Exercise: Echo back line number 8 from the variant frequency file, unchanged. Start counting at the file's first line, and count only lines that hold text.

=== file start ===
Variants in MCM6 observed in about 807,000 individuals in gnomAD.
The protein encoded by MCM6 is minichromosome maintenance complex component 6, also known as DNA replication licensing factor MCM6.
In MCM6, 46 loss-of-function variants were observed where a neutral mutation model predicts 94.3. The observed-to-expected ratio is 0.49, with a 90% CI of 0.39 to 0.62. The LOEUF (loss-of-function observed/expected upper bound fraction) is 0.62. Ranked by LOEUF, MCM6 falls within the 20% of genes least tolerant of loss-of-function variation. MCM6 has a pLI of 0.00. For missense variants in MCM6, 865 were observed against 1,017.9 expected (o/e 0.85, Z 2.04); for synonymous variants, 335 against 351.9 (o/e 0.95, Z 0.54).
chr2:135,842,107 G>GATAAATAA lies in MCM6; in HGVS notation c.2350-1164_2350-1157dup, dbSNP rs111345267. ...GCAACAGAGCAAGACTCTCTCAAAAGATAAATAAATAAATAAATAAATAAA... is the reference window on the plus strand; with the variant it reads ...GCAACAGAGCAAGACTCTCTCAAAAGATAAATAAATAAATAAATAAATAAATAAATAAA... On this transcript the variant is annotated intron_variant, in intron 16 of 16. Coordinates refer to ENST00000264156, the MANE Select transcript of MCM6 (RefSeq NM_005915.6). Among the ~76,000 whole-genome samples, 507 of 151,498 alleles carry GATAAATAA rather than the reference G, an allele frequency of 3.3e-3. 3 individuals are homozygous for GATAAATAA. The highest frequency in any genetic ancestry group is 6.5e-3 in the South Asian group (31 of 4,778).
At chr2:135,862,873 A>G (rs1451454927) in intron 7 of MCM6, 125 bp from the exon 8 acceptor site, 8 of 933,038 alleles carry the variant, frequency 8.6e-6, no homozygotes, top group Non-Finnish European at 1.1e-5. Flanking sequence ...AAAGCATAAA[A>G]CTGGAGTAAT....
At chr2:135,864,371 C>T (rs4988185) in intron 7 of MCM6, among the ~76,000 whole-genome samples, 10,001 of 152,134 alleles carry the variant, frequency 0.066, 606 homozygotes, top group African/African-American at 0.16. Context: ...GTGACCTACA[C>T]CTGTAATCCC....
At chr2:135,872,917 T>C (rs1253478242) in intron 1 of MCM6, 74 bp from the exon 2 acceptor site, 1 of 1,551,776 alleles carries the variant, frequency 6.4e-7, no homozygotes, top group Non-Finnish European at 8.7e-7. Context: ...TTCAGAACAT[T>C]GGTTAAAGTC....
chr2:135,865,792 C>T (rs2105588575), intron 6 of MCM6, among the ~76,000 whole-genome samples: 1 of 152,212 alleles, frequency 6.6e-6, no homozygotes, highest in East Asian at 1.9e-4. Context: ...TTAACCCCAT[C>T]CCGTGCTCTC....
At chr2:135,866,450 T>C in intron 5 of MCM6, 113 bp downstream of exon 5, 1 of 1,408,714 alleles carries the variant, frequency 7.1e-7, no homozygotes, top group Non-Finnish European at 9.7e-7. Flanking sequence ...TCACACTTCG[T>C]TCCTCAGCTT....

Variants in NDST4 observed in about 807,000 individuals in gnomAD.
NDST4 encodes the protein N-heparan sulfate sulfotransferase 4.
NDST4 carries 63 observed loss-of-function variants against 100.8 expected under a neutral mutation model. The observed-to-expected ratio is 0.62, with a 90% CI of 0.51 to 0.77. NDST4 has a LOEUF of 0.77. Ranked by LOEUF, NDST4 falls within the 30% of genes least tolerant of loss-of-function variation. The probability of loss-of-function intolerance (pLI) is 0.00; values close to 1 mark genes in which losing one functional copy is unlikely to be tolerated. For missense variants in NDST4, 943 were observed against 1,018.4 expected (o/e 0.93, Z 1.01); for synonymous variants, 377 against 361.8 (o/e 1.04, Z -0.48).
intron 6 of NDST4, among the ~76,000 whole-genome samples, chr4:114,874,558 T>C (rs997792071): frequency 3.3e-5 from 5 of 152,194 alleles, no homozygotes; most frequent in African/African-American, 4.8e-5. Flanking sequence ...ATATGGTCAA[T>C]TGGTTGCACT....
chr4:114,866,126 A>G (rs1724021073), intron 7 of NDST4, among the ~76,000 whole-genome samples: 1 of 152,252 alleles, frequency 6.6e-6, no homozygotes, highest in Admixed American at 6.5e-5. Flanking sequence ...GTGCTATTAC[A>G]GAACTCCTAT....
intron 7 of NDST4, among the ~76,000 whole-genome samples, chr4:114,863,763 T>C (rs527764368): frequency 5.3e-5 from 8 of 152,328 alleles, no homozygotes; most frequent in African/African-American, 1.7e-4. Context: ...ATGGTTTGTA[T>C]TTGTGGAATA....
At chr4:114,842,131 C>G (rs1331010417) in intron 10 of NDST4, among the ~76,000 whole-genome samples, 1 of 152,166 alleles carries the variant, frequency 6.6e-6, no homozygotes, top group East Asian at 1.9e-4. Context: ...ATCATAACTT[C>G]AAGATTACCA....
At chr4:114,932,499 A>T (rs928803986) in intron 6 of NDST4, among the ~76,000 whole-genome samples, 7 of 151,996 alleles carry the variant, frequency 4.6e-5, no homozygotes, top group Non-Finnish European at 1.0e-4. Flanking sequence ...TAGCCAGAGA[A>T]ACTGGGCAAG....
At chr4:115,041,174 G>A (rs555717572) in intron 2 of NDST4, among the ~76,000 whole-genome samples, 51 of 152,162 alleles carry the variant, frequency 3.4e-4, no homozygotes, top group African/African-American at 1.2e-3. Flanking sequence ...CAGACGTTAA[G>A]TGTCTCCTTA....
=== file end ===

chr2:135,865,792 C>T (rs2105588575), intron 6 of MCM6, among the ~76,000 whole-genome samples: 1 of 152,212 alleles, frequency 6.6e-6, no homozygotes, highest in East Asian at 1.9e-4. Context: ...TTAACCCCAT[C>T]CCGTGCTCTC....